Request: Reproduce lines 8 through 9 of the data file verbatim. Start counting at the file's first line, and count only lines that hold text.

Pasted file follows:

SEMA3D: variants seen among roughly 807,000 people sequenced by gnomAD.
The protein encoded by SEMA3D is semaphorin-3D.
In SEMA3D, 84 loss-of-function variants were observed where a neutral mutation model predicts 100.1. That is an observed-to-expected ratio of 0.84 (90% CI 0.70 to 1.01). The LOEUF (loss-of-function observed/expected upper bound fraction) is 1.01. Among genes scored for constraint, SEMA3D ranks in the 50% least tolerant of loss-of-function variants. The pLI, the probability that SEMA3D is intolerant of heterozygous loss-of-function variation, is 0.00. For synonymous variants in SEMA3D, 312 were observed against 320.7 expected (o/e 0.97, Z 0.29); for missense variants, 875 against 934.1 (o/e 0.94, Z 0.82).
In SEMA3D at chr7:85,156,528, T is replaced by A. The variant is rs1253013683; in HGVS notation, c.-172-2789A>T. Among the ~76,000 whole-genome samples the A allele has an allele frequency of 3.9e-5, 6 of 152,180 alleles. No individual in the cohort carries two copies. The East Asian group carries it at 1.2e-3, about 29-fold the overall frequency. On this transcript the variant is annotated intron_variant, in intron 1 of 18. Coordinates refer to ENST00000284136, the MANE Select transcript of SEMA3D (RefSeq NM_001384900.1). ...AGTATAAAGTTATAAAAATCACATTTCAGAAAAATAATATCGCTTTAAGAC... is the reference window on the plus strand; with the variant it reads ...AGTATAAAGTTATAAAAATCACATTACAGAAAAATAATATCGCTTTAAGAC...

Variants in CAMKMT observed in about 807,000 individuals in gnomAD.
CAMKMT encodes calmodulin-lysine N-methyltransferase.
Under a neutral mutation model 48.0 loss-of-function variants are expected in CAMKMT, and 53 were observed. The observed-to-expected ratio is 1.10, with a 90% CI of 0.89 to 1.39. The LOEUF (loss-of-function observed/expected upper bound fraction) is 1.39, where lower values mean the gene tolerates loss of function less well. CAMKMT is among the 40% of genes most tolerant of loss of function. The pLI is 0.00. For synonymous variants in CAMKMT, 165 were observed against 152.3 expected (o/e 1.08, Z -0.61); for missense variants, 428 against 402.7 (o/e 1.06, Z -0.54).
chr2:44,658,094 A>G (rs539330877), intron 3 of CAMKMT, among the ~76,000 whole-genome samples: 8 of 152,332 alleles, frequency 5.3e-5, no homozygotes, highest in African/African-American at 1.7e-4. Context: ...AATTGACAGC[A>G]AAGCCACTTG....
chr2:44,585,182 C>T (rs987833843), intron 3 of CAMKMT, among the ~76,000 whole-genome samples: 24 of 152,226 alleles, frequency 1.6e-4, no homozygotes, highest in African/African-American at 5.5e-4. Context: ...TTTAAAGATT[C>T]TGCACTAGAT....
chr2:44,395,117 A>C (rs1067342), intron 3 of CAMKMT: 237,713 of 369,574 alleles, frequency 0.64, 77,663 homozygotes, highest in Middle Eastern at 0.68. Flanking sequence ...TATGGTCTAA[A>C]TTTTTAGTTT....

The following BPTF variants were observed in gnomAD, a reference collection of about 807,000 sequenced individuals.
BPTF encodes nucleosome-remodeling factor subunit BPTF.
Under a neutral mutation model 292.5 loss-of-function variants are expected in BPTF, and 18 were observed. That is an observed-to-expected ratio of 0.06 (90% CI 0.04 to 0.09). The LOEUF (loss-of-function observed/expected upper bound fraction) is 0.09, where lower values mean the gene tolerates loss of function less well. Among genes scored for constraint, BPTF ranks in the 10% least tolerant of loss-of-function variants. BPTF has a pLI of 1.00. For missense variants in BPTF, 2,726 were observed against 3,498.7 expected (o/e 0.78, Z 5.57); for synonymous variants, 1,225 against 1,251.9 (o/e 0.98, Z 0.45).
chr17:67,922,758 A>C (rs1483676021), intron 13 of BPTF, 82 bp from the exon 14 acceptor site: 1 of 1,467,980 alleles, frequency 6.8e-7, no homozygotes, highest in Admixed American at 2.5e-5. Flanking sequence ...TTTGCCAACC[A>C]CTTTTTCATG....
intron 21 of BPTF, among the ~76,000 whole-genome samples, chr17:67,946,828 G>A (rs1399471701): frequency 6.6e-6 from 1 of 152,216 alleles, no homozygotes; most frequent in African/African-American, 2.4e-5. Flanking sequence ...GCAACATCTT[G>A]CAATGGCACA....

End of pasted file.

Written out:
chr2:44,658,094 A>G (rs539330877), intron 3 of CAMKMT, among the ~76,000 whole-genome samples: 8 of 152,332 alleles, frequency 5.3e-5, no homozygotes, highest in African/African-American at 1.7e-4. Context: ...AATTGACAGC[A>G]AAGCCACTTG....
chr2:44,585,182 C>T (rs987833843), intron 3 of CAMKMT, among the ~76,000 whole-genome samples: 24 of 152,226 alleles, frequency 1.6e-4, no homozygotes, highest in African/African-American at 5.5e-4. Context: ...TTTAAAGATT[C>T]TGCACTAGAT....